How do You Know Which Foods Are Good For You?
How Much Should You Eat - and How Often?
No one would ever berate someone for not looking good in certain colors or how often they take a breath because we accept that each person is an individual. But when it comes to food, we overlook the fact that each of us is different in that respect as well.
While we all share the same general needs for nutrients and calories, each of us has specific needs to insure the well being of our own unique body.
Within the generally accepted guidelines of good nutrition, it is possible for a family to sit down to a meal together but unrealistic to expect that each person at the table should eat the same way, in the same amounts or even enjoy the same foods.
So how do you know what's good for you and what isn't?
The first step is to listen to your body. You already know what's nutritious food and what isn't.
Within that frame work, choose the foods that are the most appealing to you.
For example, all people need protein. How and where you get that protein is up to you. Some people prefer beef. Some chicken. Others fish. Vegetarians receive ample amounts of protein from beans and tofu. While a varied diet is considered the most healthful (because we really don't know enough about individual nutrition and it's the best way to cover all the bases) people can and do live healthful lives eating only fish or beef or chicken or tofu. The point is, food that appeals to you (assuming it's healthful) is good for your body. If you don't like it, don't eat it.
Food preference is a very basil human set point developed over hundreds of thousands of years of evolution. At a very basil level, food that tastes good is probably good for you. Food that doesn't taste good (to you) is probably of little or no value to you and may even be harmful. Interestingly, the very foods you don't care for may be a favorite of someone else which would mean that they were healthful for them.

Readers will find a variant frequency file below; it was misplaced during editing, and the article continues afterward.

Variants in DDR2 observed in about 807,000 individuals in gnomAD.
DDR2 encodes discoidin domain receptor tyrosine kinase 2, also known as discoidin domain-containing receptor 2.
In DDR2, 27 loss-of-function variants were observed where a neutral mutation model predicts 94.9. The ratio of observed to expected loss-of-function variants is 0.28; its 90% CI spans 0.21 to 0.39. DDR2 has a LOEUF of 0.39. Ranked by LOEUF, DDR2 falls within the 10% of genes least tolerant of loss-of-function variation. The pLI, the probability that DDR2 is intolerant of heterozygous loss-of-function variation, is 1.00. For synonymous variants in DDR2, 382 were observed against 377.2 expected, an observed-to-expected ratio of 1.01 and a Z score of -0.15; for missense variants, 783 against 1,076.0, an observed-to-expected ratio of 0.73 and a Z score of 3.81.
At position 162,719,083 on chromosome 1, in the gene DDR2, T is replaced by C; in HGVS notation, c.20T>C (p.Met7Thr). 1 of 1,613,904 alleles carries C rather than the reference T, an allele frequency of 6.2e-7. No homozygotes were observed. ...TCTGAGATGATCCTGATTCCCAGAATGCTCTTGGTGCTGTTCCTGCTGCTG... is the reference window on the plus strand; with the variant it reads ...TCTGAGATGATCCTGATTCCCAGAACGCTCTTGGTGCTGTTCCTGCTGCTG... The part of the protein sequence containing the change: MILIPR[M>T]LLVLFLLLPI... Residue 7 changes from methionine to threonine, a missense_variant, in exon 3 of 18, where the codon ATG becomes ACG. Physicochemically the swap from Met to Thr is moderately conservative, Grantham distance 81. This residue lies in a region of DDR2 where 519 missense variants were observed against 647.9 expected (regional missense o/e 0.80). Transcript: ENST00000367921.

This is not the same thing as choosing not to eat certain foods because you are not familiar with them. Tasting new foods can and does open up a whole new world of good taste and interesting possibilities plus a varied diet is considered to be the most healthful.
The basic foods in this wellness plan allow for individual food preferences. Choose the healthy foods that appeal to you and be open to new possibilities. When your body is fed properly, severe cravings go away. Cravings are the body's communication that it's searching for a nutrient or nutrients it needs.
How much you should eat (your portion size) is up to you as well. Some women have hearty appetites, some very small appetites. Some women do well with three meals. Some prefer to graze all day long. You already know how you like to eat because how you eat makes you feel the best. Should you change your eating pattern? Only if you want to.
Women over eat because we are trying to satisfy a physical need. While there is certainly a psychological component to over eating, most women don't choose to over eat. Most women want to look healthy and feel good.
Over eating occurs because the chemical needs of the body have not been met and those needs may have had psychological causes. For example, stress can cause women to over eat because stress depletes nutrients and the body is trying to replace them.
Feed the body properly and it will support you rather than be a burden. While you are on the path to wellness, the basic foods will support your well being while the body relaxes and embraces your spirit rather than being at war with it.
As you move down the path of wellness, you'll naturally choose smaller portions because you'll need less. When a child cries out for love, we don't hug them briefly than push them away saying "that's enough." We hug them until they're satisfied and comfortable to go off on their own. The same is true for our bodies. We need to embrace them and make them comfortable until they feel secure because we've been pushing them away for far too long.